We’ve heard promises of a new surface transportation bill for years, but lawmakers have kicked the can down the road a number of times. And now, with this being an election year, we can expect a healthy dose of party politics in debates over roads, bridges and transportation jobs.
As in generations past, Republicans and Democrats still seem to agree that transportation is the lifeblood of the U.S. economy, but the two parties are worlds apart on issues of policy and funding.
The rift has widened in the past few years even with the two sides saying the same things sometimes about highway safety, jobs, public transportation and good roads. In recent months – and we’ll see this throughout 2012 – the election will elevate the rhetoric to the point that the torrent could seem impassable.
Many hot-button issues are spurring the debate. One that comes to mind is the Republican-controlled House of Representatives favoring new oil and gas drilling to help supplement the transportation bill. House Democrats are saying “no way” to the drilling proposal and are hoping to win favor by offering “made in America” provisions for transportation raw materials. In return, the Republicans say the current “buy American” rules are good enough.
Democrats and Republicans in the Senate Environment and Public Works Committee applauded themselves for drafting a bipartisan transportation bill last fall, and to some degree deserve a pat on the back for that. But their jurisdiction and the provisions they drafted have led to somewhat status quo language without breaking much in the way of new territory. The EPW Committee seems content to let other committees draft the fire starters.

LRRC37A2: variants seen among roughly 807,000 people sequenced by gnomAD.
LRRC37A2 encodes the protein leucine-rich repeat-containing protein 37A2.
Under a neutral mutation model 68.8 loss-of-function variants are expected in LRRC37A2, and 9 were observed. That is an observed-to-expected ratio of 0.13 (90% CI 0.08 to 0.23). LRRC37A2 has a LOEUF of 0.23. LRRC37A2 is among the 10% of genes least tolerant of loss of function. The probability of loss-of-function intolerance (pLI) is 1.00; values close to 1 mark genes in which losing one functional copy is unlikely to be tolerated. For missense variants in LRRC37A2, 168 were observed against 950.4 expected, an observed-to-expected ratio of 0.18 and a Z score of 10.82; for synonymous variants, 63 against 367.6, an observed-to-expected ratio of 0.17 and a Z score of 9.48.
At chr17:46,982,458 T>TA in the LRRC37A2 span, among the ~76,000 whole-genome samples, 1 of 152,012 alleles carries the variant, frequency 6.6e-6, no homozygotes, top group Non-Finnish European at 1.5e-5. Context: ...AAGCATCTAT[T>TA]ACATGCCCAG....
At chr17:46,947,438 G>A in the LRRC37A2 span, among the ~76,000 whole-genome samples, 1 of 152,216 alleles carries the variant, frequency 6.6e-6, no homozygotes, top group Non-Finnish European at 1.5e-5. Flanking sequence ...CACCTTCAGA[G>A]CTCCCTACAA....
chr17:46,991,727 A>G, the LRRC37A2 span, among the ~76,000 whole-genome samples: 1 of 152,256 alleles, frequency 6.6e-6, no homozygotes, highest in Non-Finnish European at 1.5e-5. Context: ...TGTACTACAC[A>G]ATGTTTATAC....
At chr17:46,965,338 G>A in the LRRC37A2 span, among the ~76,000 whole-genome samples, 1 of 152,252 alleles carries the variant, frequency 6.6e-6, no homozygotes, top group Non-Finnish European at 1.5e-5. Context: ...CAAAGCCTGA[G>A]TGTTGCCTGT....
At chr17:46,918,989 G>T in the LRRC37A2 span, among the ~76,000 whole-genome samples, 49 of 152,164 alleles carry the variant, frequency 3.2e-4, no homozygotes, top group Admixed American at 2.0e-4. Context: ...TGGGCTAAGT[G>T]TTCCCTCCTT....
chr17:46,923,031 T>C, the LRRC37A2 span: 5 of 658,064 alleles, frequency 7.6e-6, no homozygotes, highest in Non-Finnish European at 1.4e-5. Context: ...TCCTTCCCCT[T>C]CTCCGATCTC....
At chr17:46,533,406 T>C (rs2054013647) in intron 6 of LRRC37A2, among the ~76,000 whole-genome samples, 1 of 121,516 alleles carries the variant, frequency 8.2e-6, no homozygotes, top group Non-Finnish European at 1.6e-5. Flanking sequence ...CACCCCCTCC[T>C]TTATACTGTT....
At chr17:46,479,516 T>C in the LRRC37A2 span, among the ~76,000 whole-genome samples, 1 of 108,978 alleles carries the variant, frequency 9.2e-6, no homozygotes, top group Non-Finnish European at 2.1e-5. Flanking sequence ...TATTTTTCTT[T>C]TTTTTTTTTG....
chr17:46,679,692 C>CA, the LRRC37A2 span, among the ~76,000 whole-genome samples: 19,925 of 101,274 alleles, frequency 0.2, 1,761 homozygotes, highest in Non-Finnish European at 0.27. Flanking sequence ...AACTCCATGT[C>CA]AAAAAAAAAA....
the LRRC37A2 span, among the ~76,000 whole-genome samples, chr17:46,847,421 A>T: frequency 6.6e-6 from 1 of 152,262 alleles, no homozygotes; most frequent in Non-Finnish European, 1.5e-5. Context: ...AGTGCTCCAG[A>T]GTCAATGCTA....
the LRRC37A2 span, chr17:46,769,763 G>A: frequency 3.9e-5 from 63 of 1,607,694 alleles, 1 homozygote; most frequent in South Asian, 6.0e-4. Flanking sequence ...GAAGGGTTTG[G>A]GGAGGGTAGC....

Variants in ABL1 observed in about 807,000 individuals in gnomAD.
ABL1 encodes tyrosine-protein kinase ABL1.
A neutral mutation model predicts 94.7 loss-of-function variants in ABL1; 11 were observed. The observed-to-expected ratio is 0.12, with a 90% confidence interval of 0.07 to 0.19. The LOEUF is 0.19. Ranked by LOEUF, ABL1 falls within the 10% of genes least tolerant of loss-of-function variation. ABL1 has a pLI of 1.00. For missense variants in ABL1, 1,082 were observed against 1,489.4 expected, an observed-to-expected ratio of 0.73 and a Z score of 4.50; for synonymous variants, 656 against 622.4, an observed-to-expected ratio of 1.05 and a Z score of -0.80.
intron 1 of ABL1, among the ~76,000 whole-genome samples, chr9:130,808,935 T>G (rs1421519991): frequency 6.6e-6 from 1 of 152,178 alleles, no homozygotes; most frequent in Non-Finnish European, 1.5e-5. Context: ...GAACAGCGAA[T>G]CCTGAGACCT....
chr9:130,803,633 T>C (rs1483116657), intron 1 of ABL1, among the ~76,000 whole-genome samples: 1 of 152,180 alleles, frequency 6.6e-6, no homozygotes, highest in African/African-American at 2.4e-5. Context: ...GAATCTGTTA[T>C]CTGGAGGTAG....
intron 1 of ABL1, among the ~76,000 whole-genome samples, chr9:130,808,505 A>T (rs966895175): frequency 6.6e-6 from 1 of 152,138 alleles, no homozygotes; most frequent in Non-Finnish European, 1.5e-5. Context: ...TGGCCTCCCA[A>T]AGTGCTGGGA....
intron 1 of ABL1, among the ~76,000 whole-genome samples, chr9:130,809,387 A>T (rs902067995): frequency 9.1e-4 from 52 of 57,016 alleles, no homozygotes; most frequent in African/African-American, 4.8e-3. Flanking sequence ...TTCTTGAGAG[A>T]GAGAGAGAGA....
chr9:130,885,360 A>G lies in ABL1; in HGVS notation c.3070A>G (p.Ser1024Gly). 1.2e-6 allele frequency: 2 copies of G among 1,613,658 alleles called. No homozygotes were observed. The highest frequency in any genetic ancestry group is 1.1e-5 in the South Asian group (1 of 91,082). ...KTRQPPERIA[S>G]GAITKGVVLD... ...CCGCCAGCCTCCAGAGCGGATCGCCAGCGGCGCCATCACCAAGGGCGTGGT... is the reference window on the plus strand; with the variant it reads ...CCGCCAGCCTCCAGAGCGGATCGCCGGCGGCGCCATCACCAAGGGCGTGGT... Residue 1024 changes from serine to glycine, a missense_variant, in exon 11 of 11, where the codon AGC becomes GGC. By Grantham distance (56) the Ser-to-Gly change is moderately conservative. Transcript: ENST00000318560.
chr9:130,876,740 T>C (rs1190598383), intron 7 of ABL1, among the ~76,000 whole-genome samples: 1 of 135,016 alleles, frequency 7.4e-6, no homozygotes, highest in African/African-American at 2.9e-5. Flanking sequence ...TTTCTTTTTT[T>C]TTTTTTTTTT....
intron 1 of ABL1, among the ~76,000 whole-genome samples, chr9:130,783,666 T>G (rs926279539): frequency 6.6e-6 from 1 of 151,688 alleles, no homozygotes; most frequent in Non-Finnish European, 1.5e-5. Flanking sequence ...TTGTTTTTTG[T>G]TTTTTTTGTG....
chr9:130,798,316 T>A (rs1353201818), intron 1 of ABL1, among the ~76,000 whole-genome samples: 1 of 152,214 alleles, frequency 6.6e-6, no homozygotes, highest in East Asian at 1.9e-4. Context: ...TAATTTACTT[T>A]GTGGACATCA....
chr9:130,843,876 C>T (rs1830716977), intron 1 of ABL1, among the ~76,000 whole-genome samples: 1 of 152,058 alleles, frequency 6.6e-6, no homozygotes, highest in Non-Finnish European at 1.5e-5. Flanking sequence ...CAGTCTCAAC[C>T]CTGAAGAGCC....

The Senate Commerce, Science and Transportation Committee has tacked on a few fire-starter provisions in its offering to the bill. And once other committees add their two cents, lawmakers could very well be scrambling for their pokers so they can stoke the coals some more.
That’s the way the system works, and it seems to heat up even more during election season.
House and Senate leaders say they’re close to finishing their respective bills. But the closer they seem to get, the more election-year politicking we’re likely to see.
On the upside, transportation is on the tips of their tongues, and somewhere down the line the kicked can will come to rest. Eventually, whether before or after the election, lawmakers will find at least some common ground for transportation and we’ll have a new bill.